Why do PHB’s seem so out of it?

I have noticed in the past that there seems to be a change in people when they get promoted to a certain level and I have puzzled over this for the last couple of years trying to figure out why the change occurs. For people at the lower levels, it looks like higher managers don’t care about the customers and are out of touch. I have hypothesized that part of this out of touch impression is due to the fact that managers in the middle are insulated from the customer and the interest turns toward fulfilling upper management’s needs and ideas that may or may not be based on real situations.

However, I think I have another thought on this theory after seeing someone I have known who has been promoted out of the technical area into a business area. When you get to a position like this, you are still concerned about keeping the customer happy, but it’s for a different reason, the reason for keeping the customer happy is to ensure that money keeps coming in to the projects for the manager. Now, for the manager, this may mean different things, I think some managers want the money so they can build up their group and power or other managers want the money to make sure they can keep the people under them employed, and or some combination of these reasons and have managers wanting to keep the money flowing in. So, if a customer says something and there is an implied threat that the money will not come through, for whatever reason, the manager gets worried and starts pushing to do whatever the manager thinks it might take to keep the customer happy, including making promises that the people under them may or may not be able to keep for them.

For the developers, they want to keep the customer happy so that they don’t have to hear complaints about what they’ve built. The more complaints, the more drudge work they feel they have to do, when they could be working on other cool new technology. So, developers tend to want to build code that they don’t have to deal with again, except in a way that they want to. Now, this can take affect in different ways as well, some developers like fiddling with their code exclusively, so they write it in ways that only they understand, others try to give their code to others to maintain after they’ve done the fun stuff and some write code and document it so others can maintain it or some combination thereof. But all developers think their code is the best there is and that other code they have to deal with is no good, unless they have worked with someone a while and have come to understand their code, in which case, they have added another coding model they can trust to their environment. This means that when the manager is coming down with promises they have made that may involve other people’s code being modified, developers think the manager is crazy and doesn’t have any understanding of the task. And all the manager thinks is “Code is Code, what’s the big deal?”, hence the disconnect between the two groups.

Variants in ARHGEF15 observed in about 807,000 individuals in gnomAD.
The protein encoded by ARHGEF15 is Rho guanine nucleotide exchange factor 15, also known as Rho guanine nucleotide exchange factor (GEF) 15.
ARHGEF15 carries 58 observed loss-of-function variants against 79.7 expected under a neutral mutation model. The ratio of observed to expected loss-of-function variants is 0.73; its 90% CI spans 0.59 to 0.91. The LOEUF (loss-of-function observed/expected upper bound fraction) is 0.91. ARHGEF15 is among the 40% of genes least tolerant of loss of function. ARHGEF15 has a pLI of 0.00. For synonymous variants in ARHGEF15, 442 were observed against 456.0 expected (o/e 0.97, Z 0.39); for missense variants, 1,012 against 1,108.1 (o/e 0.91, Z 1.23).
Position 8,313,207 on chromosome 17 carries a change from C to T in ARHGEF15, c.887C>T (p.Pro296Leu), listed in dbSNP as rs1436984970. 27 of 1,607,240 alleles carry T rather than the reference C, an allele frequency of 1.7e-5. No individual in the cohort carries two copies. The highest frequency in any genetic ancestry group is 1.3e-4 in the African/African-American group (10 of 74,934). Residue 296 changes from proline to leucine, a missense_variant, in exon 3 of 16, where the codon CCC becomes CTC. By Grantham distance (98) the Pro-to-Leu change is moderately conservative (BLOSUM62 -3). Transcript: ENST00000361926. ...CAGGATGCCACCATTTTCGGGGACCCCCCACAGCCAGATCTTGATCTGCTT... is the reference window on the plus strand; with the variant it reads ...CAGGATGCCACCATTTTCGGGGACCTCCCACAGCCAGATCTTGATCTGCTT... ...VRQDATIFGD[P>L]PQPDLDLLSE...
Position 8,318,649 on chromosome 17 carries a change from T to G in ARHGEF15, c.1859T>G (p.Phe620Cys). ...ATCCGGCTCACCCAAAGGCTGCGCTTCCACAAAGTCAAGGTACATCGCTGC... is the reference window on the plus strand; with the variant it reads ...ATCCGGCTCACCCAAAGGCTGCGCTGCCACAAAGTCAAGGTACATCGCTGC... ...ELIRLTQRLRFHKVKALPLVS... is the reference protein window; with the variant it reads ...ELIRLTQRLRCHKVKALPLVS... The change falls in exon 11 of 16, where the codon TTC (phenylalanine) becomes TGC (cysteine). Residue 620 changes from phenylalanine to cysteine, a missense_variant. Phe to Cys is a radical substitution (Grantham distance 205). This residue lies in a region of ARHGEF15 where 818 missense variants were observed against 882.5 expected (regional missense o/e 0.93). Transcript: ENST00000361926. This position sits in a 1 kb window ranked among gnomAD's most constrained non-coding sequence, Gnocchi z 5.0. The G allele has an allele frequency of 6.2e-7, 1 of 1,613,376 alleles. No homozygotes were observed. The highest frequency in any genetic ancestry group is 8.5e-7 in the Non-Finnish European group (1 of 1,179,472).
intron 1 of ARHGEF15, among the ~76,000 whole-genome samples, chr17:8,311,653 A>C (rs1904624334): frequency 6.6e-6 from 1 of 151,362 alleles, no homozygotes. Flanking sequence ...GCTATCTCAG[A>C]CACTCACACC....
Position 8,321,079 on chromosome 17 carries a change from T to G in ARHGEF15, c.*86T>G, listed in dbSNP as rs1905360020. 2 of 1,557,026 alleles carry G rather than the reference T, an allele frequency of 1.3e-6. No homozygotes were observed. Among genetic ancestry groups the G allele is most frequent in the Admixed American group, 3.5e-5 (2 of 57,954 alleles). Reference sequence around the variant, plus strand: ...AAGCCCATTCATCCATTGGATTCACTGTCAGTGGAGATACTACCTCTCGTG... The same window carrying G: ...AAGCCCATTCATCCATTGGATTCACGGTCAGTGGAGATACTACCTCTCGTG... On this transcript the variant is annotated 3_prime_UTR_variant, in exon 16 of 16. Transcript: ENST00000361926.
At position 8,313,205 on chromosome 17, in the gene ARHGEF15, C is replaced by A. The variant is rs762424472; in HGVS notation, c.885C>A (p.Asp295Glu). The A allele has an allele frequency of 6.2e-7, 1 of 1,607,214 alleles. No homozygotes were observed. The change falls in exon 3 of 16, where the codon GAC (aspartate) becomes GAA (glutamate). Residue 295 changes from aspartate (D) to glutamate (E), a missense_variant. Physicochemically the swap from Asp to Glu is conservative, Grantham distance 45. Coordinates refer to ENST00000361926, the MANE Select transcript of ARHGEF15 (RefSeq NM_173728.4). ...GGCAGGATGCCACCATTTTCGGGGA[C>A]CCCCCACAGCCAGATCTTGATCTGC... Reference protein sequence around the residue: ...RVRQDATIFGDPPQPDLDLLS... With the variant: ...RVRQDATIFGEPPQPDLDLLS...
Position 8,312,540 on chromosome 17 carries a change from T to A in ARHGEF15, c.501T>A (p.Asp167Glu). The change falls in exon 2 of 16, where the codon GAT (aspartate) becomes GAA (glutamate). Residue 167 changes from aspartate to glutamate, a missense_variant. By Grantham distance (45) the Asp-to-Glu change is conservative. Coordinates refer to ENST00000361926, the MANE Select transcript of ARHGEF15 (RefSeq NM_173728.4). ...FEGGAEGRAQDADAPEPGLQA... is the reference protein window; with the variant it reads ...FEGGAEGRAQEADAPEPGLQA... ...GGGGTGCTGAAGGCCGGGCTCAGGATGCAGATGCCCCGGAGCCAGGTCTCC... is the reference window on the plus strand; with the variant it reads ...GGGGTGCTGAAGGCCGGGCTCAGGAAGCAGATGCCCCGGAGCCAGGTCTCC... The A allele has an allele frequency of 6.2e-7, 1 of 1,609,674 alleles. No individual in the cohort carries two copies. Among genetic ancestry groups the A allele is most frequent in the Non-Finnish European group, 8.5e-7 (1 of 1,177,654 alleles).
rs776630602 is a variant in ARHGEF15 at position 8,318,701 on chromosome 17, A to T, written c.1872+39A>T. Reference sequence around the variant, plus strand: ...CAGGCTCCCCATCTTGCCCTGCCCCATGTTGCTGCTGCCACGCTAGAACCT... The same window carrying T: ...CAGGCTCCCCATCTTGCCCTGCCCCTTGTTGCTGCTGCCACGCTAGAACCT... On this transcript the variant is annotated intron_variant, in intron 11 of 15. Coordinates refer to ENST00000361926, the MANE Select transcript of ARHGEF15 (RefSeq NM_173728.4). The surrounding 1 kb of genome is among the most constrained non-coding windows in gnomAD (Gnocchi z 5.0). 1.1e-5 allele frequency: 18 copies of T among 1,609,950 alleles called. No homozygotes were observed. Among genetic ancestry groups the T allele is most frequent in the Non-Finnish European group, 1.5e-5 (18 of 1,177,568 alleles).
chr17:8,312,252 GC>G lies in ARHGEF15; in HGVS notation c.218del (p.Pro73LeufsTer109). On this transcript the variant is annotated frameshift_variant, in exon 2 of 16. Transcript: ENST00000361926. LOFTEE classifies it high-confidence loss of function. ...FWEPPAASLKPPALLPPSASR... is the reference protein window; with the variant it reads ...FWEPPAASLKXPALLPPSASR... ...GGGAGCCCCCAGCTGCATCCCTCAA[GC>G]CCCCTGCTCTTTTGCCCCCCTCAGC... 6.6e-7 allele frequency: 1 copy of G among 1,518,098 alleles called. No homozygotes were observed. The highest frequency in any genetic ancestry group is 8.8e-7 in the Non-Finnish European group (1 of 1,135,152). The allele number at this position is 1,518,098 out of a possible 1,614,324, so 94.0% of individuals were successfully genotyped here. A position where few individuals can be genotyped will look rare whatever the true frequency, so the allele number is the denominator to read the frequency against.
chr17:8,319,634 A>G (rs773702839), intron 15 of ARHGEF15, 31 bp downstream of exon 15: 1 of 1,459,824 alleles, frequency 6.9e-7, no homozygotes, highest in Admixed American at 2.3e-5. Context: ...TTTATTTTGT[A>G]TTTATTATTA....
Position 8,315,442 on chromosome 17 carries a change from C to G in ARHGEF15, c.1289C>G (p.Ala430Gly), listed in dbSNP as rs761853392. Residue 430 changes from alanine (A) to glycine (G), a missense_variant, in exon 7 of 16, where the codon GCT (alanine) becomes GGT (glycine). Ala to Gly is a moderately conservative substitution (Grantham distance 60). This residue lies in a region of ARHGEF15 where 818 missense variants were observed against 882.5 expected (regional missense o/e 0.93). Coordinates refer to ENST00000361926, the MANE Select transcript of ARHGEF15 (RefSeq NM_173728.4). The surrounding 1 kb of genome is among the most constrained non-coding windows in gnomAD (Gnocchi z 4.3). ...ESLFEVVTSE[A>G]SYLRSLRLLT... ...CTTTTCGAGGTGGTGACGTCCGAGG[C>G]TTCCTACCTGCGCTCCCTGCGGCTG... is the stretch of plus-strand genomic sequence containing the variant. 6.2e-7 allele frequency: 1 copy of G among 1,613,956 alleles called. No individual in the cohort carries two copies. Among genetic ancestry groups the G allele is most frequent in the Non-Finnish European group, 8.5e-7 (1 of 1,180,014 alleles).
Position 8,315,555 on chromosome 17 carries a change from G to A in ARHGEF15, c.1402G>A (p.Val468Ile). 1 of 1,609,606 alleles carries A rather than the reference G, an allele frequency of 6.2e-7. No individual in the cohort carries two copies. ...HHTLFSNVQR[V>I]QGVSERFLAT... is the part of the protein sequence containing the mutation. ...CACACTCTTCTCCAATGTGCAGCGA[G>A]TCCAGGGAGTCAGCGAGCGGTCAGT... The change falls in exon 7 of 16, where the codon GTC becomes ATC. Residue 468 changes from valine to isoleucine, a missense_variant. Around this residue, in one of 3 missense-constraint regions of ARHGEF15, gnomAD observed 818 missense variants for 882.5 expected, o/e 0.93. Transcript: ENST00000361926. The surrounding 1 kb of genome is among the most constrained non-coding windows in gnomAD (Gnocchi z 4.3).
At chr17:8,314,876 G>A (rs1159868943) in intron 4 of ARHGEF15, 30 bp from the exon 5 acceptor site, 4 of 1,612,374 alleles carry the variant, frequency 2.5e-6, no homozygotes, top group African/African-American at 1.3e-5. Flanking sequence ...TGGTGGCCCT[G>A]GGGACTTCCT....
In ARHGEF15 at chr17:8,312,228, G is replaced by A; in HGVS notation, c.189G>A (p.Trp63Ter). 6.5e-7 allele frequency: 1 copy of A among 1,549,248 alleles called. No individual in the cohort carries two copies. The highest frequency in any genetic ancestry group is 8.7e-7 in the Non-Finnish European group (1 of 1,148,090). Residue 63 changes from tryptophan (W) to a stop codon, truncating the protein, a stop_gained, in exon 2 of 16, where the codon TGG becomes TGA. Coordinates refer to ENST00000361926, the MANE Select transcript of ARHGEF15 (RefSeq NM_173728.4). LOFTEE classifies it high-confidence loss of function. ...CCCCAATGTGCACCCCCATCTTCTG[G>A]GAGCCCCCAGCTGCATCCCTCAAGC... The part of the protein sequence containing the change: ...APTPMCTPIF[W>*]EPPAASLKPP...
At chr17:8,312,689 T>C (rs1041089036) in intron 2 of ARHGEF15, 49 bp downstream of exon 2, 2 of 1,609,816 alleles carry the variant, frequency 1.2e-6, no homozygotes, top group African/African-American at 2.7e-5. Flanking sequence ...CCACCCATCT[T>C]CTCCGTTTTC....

I’ve become more interested in the change that occurs as someone is promoted because I have become the technical lead for a group and I want to avoid the disconnect that can happen with promotions. My solution is to keep talking with both management and development and to keep both sides in view as I make decisions about how to do things. Sometimes those decisions will lean towards the money making side, other times towards the technical side, but I don’t want to lose sight of either, because both sides have value during development. I feel that when one side is weighted against the other that problems occur and I can understand how easy it can be to get out of balance. And a lot of times I have to remind myself to take another look at a decision in order to verify that I haven’t weighted things too much towards management or development.

Anyway, the issue of change occuring upon promotion is something I want to continue to look at, because I think the change is a key as to why companies lose their original focus of customer satisfaction along with employee satisfaction.